The majority held that the Grotes “have a direct and personal interest in vindicating their individual religious-liberty rights, even though the rights of their closely held corporations are also at stake.”

But in a dissent of more than 90 pages, Judge Ilana Rovner wrote that the ruling “represents a dramatic turn in free exercise jurisprudence” that could open the door to a host of challenges to federal regulations based on individual religious beliefs.

The opinion “bestows a highly personal right to religious exercise on two secular, for-profit corporations that have no facility of thought, conscience or belief,” Rovner wrote. “It deems the religious rights of the plaintiffs burdened by the contraception mandate without consideration of the indirect and minimal intrusion on their exercise of religion. And it disregards the extent to which the exemption from the mandate burdens the rights of the plaintiffs’ employees.”

Rovner said the majority’s holding hypothetically could prevent employees from obtaining embryonic stem-cell therapy; allow Christian Scientist business owners to severely restrict access to medical care pursuant to limits based on their beliefs; or deny coverage to same-sex couples even in states that permit such unions, if the corporation’s owners have a religious objection to same-sex marriage.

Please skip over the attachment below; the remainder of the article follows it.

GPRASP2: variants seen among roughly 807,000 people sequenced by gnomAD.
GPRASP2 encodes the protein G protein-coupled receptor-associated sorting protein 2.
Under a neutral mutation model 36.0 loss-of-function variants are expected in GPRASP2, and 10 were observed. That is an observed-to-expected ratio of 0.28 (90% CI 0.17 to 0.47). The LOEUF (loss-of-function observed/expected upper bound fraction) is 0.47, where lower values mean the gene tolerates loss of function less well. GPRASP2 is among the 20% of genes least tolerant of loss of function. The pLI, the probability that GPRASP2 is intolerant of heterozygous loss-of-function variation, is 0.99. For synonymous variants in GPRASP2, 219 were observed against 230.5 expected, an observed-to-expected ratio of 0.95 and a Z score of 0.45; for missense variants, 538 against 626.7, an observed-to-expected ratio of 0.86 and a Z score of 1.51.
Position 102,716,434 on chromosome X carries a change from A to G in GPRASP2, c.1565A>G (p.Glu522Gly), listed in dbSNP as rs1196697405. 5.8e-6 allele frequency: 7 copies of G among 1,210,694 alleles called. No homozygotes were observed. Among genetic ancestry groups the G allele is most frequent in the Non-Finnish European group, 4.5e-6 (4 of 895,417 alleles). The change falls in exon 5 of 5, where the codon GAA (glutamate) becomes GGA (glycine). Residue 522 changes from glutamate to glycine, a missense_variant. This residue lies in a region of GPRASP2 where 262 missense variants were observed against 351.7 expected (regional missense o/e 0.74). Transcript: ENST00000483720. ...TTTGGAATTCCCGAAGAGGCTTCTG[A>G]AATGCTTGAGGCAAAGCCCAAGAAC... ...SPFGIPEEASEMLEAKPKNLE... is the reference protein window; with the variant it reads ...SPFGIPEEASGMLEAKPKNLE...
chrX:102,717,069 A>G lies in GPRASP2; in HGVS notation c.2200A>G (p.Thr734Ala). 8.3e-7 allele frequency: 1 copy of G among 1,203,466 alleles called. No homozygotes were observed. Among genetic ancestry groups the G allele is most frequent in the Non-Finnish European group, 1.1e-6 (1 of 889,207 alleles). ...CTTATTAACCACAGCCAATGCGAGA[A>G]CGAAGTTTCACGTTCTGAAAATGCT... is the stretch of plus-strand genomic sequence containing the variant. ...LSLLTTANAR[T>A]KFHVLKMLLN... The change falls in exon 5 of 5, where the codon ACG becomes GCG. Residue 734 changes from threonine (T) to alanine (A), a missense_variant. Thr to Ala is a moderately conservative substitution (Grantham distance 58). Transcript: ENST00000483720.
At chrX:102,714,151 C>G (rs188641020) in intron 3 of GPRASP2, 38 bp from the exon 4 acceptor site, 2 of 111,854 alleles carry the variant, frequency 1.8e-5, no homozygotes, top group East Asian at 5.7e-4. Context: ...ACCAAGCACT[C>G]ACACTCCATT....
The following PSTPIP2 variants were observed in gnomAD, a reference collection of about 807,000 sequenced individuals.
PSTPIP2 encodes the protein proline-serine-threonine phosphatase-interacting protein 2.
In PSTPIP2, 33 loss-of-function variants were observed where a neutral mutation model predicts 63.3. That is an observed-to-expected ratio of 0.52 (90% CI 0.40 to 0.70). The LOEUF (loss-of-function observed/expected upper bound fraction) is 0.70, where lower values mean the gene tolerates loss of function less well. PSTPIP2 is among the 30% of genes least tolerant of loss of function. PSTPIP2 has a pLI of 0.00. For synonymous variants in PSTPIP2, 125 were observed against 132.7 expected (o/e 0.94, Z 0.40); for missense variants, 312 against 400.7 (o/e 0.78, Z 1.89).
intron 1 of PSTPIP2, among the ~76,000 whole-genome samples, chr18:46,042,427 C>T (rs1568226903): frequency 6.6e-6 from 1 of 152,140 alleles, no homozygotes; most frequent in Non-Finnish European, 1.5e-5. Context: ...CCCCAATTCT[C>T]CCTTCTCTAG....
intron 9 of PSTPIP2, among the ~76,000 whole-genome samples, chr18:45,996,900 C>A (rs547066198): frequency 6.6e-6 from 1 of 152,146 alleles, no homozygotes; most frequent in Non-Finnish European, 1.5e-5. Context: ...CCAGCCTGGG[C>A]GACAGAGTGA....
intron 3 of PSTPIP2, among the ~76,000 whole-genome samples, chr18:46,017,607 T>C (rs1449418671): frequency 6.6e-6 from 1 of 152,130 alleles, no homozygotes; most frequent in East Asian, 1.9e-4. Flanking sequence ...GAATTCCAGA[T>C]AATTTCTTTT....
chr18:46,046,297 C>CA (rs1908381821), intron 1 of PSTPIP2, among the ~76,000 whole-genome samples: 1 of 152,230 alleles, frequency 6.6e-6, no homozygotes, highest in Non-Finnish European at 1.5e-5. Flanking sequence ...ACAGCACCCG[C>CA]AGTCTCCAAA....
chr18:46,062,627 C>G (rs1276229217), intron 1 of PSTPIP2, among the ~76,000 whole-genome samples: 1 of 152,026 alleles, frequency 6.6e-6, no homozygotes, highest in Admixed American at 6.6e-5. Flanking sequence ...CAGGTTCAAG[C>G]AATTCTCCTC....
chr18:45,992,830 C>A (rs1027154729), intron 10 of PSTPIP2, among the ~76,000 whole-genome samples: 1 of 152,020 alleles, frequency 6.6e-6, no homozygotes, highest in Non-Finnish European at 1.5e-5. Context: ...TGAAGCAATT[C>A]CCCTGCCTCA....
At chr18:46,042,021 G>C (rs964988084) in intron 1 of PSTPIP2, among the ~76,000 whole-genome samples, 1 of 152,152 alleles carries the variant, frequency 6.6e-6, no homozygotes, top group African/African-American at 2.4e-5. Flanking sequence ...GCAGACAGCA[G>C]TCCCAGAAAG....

johnsen-dawn-mug Johnsen

“You could write 20 more like that,” Indiana University Maurer School of Law professor Dawn Johnsen said of the cautionary hypotheticals. She acknowledges a personal feeling that the dissent is correct in the 7th Circuit opinion, but she said the majority opinion also was thorough and impressive.

Johnsen argues that because it’s the employee’s choice to use contraception rather than an employer’s, the employer’s religious liberties aren’t “substantially burdened,” as required under RFRA. “Given that indirectness, how attenuated that is, it would be a true slippery slope to find this to be a substantial burden,” she said.